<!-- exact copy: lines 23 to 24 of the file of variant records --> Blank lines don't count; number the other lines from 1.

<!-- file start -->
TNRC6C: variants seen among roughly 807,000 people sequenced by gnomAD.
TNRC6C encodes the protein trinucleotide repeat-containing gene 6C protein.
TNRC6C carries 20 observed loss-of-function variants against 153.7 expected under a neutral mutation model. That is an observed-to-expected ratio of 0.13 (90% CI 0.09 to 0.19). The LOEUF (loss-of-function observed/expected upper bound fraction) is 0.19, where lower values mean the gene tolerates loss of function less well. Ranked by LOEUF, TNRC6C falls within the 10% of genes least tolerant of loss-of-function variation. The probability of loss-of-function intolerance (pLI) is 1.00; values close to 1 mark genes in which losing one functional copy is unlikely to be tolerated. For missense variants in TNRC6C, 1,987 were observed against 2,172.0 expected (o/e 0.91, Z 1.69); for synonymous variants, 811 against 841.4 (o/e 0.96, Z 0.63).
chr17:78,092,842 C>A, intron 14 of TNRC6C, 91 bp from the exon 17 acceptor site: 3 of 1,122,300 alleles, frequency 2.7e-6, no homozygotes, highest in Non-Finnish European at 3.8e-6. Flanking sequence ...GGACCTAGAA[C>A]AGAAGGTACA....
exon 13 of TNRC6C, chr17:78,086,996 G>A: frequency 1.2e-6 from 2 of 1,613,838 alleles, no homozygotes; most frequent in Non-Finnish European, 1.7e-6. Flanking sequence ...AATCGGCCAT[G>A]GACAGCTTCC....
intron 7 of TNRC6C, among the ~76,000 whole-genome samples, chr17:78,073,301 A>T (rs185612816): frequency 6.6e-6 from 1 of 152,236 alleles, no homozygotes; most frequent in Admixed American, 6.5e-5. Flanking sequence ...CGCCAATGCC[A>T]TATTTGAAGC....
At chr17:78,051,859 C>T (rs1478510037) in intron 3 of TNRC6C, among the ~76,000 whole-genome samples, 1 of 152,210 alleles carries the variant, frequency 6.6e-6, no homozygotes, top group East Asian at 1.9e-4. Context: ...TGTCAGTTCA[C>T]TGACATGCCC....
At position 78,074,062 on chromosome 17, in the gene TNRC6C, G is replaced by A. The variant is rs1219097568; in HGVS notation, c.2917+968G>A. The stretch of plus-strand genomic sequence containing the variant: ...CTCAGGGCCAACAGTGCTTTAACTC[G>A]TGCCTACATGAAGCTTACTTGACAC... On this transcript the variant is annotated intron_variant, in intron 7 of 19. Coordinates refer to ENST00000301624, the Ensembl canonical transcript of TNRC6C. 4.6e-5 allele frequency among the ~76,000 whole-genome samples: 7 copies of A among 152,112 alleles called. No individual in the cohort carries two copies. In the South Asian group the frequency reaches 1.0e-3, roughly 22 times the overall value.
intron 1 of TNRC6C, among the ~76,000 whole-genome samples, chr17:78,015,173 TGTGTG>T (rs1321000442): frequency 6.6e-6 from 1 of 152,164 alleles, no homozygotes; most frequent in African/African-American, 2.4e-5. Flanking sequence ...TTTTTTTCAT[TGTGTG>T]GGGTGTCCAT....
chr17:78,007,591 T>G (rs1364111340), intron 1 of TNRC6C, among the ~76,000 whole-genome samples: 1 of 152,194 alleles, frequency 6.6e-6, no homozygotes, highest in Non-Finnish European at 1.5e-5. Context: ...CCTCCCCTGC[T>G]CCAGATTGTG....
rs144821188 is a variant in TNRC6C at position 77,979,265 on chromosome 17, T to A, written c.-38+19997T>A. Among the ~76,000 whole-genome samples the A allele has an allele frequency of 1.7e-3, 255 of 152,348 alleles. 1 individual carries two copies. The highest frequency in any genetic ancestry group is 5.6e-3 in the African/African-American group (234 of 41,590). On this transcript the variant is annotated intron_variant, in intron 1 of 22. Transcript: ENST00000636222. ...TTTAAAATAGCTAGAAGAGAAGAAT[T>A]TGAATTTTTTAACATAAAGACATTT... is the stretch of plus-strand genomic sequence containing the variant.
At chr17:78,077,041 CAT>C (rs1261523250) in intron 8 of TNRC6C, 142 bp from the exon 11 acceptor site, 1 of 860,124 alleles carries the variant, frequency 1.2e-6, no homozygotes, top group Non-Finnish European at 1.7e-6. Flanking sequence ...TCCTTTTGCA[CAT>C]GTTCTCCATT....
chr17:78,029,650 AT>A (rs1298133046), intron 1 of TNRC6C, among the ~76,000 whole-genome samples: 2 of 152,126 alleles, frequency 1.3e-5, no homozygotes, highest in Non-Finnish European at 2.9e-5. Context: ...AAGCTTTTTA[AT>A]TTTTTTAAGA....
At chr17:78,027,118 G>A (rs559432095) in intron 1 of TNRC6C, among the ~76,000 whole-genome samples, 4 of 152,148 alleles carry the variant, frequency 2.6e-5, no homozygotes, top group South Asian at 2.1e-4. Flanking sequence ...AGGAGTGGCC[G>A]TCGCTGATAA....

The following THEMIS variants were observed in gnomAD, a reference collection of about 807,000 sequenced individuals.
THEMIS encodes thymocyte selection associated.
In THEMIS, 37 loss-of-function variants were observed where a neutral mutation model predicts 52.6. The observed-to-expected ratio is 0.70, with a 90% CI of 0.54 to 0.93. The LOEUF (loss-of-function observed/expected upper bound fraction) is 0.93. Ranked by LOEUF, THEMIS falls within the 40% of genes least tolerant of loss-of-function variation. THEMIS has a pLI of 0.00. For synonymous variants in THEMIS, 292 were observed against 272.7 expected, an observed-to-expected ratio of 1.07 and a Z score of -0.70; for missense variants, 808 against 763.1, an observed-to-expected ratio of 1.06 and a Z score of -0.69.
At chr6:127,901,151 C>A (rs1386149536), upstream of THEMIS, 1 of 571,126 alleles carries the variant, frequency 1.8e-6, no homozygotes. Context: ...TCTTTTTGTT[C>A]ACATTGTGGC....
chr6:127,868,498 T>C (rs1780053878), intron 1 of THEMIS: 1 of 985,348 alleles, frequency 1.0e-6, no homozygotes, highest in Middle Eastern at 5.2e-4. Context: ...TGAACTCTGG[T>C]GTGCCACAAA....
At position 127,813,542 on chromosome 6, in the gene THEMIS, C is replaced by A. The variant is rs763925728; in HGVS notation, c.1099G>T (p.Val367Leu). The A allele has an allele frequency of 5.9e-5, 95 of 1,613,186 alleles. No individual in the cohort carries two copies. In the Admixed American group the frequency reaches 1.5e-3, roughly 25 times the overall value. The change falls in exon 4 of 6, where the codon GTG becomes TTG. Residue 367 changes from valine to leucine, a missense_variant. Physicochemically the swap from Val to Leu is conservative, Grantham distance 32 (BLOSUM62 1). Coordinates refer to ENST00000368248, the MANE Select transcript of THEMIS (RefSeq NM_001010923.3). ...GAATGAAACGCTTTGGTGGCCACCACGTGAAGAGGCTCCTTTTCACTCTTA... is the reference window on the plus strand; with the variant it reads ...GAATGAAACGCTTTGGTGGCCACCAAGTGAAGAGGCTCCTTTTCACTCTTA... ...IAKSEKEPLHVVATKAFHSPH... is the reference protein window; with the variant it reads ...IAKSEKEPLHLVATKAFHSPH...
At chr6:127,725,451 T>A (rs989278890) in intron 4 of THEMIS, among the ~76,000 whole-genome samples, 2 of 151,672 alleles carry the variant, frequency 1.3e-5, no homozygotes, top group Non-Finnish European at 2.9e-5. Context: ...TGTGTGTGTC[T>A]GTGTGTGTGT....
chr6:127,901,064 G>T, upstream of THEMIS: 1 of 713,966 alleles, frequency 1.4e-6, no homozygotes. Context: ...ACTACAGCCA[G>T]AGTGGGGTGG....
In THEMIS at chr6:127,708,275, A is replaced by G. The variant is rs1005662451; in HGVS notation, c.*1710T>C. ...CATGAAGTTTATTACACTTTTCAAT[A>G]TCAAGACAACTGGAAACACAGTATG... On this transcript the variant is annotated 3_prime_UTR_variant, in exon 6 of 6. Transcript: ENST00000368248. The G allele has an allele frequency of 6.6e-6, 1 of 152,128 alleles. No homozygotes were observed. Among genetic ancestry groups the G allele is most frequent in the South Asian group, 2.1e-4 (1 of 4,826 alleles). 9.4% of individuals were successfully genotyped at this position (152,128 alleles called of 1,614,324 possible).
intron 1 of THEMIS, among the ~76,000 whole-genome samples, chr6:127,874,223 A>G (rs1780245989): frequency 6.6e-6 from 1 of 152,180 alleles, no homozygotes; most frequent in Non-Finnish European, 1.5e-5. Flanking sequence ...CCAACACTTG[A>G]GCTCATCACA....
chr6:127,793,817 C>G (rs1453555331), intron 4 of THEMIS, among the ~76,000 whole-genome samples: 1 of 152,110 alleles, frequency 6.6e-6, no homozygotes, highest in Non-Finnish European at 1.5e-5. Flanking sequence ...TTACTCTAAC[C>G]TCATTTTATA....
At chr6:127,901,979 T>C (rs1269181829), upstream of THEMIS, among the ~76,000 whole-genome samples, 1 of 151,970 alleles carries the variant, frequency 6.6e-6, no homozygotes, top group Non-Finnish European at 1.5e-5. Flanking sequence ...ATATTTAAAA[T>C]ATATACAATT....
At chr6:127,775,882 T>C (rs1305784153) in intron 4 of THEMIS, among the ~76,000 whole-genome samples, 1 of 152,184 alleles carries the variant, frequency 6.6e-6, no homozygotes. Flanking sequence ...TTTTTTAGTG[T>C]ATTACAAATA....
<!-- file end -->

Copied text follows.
In THEMIS at chr6:127,708,275, A is replaced by G. The variant is rs1005662451; in HGVS notation, c.*1710T>C. ...CATGAAGTTTATTACACTTTTCAAT[A>G]TCAAGACAACTGGAAACACAGTATG... On this transcript the variant is annotated 3_prime_UTR_variant, in exon 6 of 6. Transcript: ENST00000368248. The G allele has an allele frequency of 6.6e-6, 1 of 152,128 alleles. No homozygotes were observed. Among genetic ancestry groups the G allele is most frequent in the South Asian group, 2.1e-4 (1 of 4,826 alleles). 9.4% of individuals were successfully genotyped at this position (152,128 alleles called of 1,614,324 possible).
intron 1 of THEMIS, among the ~76,000 whole-genome samples, chr6:127,874,223 A>G (rs1780245989): frequency 6.6e-6 from 1 of 152,180 alleles, no homozygotes; most frequent in Non-Finnish European, 1.5e-5. Flanking sequence ...CCAACACTTG[A>G]GCTCATCACA....